Plans are under way for a major renovation at sprawling La Cienega Park, one of Beverly Hills' biggest recreation areas.
"What we're doing is taking a look at today's needs," said Rick Putnam, director of recreation and parks. "We will attempt to reconstruct or renovate the park to meet those needs."
City officials met recently with about 75 residents to discuss a major make-over of the facility, which remains virtually unchanged from its original 1925 design.
sh Drainage Problems
Although the city has maintained the park, several drainage problems must be repaired and other major work needs to be done.
"It's like a house. The longer you wait to fix it, the more it's going to cost," Putnam said. "Rather than come through and make piecemeal adjustments like we normally do, it's time to look at the whole thing."
Sprawling on both sides of La Cienega Boulevard just north of Olympic Boulevard, the 14-acre park includes baseball diamonds, picnic tables, tennis and basketball courts, a new community center and an abandoned water treatment plant built in the style of an old Mexican ranch house.
On a busy summer day it attracts up to 3,000 users, some of whom occasionally have caused problems for neighbors.
At the community meeting, residents suggested higher fences to keep baseballs, Frisbees and children out of their backyards.
They asked that steps be taken to reduce noise from portable radios and glare from the lighting at night baseball games.
They also suggested a parking lot, a new children's playground, more benches and planters and a new location for the putting green, now on busy La Cienega Boulevard.
The suggestions will be taken up as plans are prepared, Putnam said. He also said the existing uses will be reconsidered, because demands put on the park have far exceeded the limits for which it was designed.
Landscape architect Pat Hirsch, who is expected to return with preliminary design suggestions within a few months, said the philosophy of park planning has changed in the more than 60 years since La Cienega Park was built.
Parks then were basically wide open spaces where people could throw a football around or hold picnics, he said.
Now, he said, the demand for organized sports and other activities is stronger.
sh Change in Activities
"Basically there has been a change from a passive to more of an active park," he said. He said La Cienega Park has "a lot of nice big trees and we'll have to take that into consideration."
As for the sports facilities, however, the park "is in dire need of being rearranged," he said.
Hirsch said he was encouraged by resident participation in the planning process, since in many cases organized sports groups are the only ones that make their voices heard.
"We had 65 different suggestions at that meeting, and that's really creative," he said.
The residents expressed great interest in the fate of the water treatment plant, which was designed in the shape of a Mexican hacienda complete with chapel, main house and granary. It was damaged in the 1971 earthquake and has not been used since.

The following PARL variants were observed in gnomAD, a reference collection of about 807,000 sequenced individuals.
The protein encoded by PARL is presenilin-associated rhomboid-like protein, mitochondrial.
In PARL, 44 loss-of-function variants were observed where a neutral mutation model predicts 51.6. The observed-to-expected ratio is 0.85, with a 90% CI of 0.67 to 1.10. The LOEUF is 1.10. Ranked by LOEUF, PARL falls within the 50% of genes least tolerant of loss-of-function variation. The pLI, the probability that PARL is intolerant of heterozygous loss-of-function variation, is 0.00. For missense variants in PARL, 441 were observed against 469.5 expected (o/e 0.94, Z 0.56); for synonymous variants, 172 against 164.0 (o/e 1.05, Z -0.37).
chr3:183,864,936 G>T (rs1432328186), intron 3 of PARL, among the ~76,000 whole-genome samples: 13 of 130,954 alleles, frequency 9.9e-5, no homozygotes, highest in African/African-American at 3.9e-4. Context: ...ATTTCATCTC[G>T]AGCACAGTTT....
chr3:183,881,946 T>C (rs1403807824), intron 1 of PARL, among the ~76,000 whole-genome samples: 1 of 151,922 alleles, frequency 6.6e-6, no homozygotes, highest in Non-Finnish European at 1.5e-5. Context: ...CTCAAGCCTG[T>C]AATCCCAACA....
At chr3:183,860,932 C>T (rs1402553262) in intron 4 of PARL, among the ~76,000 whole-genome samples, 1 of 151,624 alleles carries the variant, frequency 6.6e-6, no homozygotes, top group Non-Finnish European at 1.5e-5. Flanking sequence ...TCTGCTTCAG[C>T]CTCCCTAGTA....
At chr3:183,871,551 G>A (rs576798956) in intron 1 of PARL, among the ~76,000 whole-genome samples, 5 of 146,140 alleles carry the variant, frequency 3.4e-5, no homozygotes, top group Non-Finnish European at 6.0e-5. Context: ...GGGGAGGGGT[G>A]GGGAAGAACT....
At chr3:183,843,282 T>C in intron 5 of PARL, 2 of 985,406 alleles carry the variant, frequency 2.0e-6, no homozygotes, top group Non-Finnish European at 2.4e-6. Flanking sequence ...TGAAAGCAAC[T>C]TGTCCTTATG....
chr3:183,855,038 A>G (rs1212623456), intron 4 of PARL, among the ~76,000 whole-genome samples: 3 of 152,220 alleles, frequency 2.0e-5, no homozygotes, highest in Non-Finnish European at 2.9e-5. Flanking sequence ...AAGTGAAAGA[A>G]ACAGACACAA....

Some neighbors said that it should be refurbished for use as an art gallery and music hall, while others suggested that it be converted into a gymnasium or racquetball and handball courts.
Another suggestion was to tear it down and replace it with tennis courts, a major source of revenue for the parks department.
sh Completed in 1928
Designed by Arthur Taylor, a leading civil engineer of the time, the structure was completed in 1928.
A report prepared by a committee of the local section of the American Society of Civil Engineers described it as "an outstanding architectural and engineering achievement" because it combined advanced water treatment facilities with public recreation.
Although the plant was the first on the West Coast to provide municipally softened water, Beverly Hills now gets its water from the Metropolitan Water District, a regional agency, and plans are under way to replace the 6-million-gallon reservoir under La Cienega Park with a new reservoir in Franklin Canyon.
The building has been listed as a local historic civil engineering landmark, according to Irv Sherman, chairman of the history and heritage committee of the civil engineers' society.
He said the site is noteworthy for the design of its underground reservoir and because pioneering research in water purification was carried out there.
"It's perhaps the prettiest water treatment plant I know of in this part of the country," Sherman said.
"We'd hate to see something like that go, but we recognize that times have changed. If the plant is not being used, it's hard to tell the city that owns it that it's got to keep maintaining the building," he said.
sh Preliminary Stage
Although Putnam declined to discuss a timetable for the park renovation, he said the preliminary planning should be complete in a few months.
The renovation will be funded from the proceeds of the city's recreation and parks tax, which requires a payment of $3 a square foot on all redevelopment and new construction.
The tax has resulted in a $7-million fund for the parks, Putnam said, but La Cienega is not the only project being contemplated.
Landscape and irrigation is expected to start in September at Greystone Park, in the hills above Doheny Drive, and the City Council is expected to approve renovation of Santa Monica Gardens this summer.